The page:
9. I think it's a good time to be an NFL player. Not just for the money, but for the offseason opportunity. The players have had job-enrichment opportunities such as entrepreneurial sessions at Harvard and Wharton, and a broadcast boot camp at NFL Films. Now they're adding a couple of interesting things in the 2012 offseason. First, a business of music course; players can learn how to manage and run their own labels or bands. And the league will announce this week the NFL Pro Hollywood Boot Camp in April, designed to help players interested in screenwriting, producing, film financing and the business of motion pictures. "Our goal,'' said the NFL's Troy Vincent, "is to provide our players with as many opportunities as possible, so they can judge for themselves what they might want to do when their time in the game is over. Playing football is not a career. We want to help players get ready for life after football.''

10. I think these are my non-football thoughts of the week:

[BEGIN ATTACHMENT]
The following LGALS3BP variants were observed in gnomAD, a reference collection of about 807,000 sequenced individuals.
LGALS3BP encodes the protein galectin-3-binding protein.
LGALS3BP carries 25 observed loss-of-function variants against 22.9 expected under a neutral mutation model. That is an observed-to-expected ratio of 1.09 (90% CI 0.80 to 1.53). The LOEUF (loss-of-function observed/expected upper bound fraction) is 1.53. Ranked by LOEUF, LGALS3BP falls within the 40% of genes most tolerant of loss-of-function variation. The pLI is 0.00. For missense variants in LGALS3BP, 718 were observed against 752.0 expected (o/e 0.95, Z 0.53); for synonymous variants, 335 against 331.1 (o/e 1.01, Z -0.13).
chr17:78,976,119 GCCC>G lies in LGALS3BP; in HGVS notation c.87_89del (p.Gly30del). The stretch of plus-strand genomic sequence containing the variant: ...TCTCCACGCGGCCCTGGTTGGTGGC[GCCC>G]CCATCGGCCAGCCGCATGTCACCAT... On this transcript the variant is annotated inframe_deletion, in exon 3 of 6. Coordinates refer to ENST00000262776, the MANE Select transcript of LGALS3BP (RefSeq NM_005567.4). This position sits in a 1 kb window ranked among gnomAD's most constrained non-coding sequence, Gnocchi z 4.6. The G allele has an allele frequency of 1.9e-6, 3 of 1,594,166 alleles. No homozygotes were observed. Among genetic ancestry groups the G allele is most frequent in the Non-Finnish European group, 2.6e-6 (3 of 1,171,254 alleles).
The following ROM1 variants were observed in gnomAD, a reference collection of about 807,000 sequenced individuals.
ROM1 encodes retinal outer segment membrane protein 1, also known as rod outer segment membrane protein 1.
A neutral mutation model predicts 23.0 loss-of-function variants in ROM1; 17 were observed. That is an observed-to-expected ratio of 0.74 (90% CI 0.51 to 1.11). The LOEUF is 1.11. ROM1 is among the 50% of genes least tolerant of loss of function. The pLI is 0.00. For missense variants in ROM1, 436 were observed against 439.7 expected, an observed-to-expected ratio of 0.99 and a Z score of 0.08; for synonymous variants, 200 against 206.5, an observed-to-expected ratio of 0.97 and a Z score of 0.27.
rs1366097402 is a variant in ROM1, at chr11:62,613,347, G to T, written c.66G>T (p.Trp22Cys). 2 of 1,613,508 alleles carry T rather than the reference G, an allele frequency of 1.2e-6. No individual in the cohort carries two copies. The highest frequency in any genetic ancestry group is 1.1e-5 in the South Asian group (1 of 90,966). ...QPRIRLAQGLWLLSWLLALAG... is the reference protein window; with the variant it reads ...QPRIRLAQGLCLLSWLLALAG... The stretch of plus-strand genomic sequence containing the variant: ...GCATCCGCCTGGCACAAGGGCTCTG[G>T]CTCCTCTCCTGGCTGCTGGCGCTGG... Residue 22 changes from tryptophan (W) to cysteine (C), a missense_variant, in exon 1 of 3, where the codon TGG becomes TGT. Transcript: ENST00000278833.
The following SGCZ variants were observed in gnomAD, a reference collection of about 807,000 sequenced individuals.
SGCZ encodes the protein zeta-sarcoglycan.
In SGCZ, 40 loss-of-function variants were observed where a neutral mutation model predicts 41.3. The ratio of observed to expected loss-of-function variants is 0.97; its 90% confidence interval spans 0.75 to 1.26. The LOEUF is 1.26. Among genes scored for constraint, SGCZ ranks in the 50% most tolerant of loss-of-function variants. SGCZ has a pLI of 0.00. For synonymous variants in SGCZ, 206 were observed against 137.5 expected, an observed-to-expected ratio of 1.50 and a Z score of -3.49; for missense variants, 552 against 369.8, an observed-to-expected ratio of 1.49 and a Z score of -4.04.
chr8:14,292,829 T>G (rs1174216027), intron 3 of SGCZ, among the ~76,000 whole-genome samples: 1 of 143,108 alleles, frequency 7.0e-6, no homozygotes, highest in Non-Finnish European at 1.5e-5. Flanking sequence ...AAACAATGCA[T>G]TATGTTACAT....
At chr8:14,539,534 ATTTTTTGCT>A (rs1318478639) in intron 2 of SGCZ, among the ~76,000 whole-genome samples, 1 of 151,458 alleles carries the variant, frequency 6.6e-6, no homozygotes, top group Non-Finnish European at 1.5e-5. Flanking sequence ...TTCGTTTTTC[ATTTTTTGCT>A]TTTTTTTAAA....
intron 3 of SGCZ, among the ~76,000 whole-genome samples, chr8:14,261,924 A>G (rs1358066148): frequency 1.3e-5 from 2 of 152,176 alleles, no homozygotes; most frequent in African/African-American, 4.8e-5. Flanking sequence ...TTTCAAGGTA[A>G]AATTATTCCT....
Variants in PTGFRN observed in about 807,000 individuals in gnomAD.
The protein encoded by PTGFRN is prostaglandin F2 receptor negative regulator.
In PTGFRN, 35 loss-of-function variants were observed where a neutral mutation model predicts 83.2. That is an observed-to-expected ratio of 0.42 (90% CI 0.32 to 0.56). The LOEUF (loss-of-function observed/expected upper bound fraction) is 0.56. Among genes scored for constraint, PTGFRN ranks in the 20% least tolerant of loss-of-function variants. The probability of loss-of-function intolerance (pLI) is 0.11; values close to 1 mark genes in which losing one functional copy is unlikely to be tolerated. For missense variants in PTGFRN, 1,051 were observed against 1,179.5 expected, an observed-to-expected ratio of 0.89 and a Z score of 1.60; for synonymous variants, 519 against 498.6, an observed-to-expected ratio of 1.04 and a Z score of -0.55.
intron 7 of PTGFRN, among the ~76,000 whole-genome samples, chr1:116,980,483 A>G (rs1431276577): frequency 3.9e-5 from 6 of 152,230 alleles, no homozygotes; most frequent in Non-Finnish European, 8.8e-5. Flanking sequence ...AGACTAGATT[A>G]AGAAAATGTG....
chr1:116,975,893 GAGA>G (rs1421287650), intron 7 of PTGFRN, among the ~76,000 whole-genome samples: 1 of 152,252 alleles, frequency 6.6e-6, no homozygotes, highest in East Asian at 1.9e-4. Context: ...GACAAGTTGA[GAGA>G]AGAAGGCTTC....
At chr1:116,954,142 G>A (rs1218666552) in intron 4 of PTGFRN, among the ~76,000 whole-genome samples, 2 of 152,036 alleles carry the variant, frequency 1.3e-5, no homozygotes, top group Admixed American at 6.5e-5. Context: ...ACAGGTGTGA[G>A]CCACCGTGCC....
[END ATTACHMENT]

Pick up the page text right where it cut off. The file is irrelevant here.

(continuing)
a. Yes, you probably heard Bob Costas choke up last night on NBC if you were listening to our Football Night in America pregame show. That's because he was paying tribute to a great friend of ours who died of cancer on Friday. Michelle O'Callaghan was the makeup artist for so many shows in New York -- at NBC, at HBO, and at CBS with David Letterman -- and she made me, and many of my peers utterly beautiful in the last few years. We'll miss her terribly. Irreverent, cackling, honest to a fault. Dan Marino was really hit hard by her death. "She's a great girl,'' he said. "She could have been from Pittsburgh.'' Now that's high praise from Marino. I'll always remember her tremendous growing-up-Catholic-in-New York stories -- most of which I cannot repeat here.

b. RIP Christopher Hitchens. The Dr. Z of non-sports journalism.